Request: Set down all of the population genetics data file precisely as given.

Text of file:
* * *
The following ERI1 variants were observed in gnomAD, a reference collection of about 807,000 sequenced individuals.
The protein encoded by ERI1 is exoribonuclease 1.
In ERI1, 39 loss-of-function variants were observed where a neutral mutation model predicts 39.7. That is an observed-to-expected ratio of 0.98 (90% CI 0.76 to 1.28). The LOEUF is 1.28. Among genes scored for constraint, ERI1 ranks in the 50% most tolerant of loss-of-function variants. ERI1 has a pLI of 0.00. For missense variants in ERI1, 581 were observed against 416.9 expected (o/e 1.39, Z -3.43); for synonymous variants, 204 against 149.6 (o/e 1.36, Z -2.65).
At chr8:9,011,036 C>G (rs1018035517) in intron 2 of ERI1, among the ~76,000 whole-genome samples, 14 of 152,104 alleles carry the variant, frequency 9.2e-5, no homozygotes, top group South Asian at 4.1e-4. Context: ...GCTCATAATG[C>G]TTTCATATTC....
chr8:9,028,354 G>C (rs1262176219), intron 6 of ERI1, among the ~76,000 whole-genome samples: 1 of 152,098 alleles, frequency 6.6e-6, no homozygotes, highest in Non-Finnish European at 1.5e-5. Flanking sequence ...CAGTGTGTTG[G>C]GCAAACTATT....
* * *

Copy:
The following ERI1 variants were observed in gnomAD, a reference collection of about 807,000 sequenced individuals.
The protein encoded by ERI1 is exoribonuclease 1.
In ERI1, 39 loss-of-function variants were observed where a neutral mutation model predicts 39.7. That is an observed-to-expected ratio of 0.98 (90% CI 0.76 to 1.28). The LOEUF is 1.28. Among genes scored for constraint, ERI1 ranks in the 50% most tolerant of loss-of-function variants. ERI1 has a pLI of 0.00. For missense variants in ERI1, 581 were observed against 416.9 expected (o/e 1.39, Z -3.43); for synonymous variants, 204 against 149.6 (o/e 1.36, Z -2.65).
At chr8:9,011,036 C>G (rs1018035517) in intron 2 of ERI1, among the ~76,000 whole-genome samples, 14 of 152,104 alleles carry the variant, frequency 9.2e-5, no homozygotes, top group South Asian at 4.1e-4. Context: ...GCTCATAATG[C>G]TTTCATATTC....
chr8:9,028,354 G>C (rs1262176219), intron 6 of ERI1, among the ~76,000 whole-genome samples: 1 of 152,098 alleles, frequency 6.6e-6, no homozygotes, highest in Non-Finnish European at 1.5e-5. Flanking sequence ...CAGTGTGTTG[G>C]GCAAACTATT....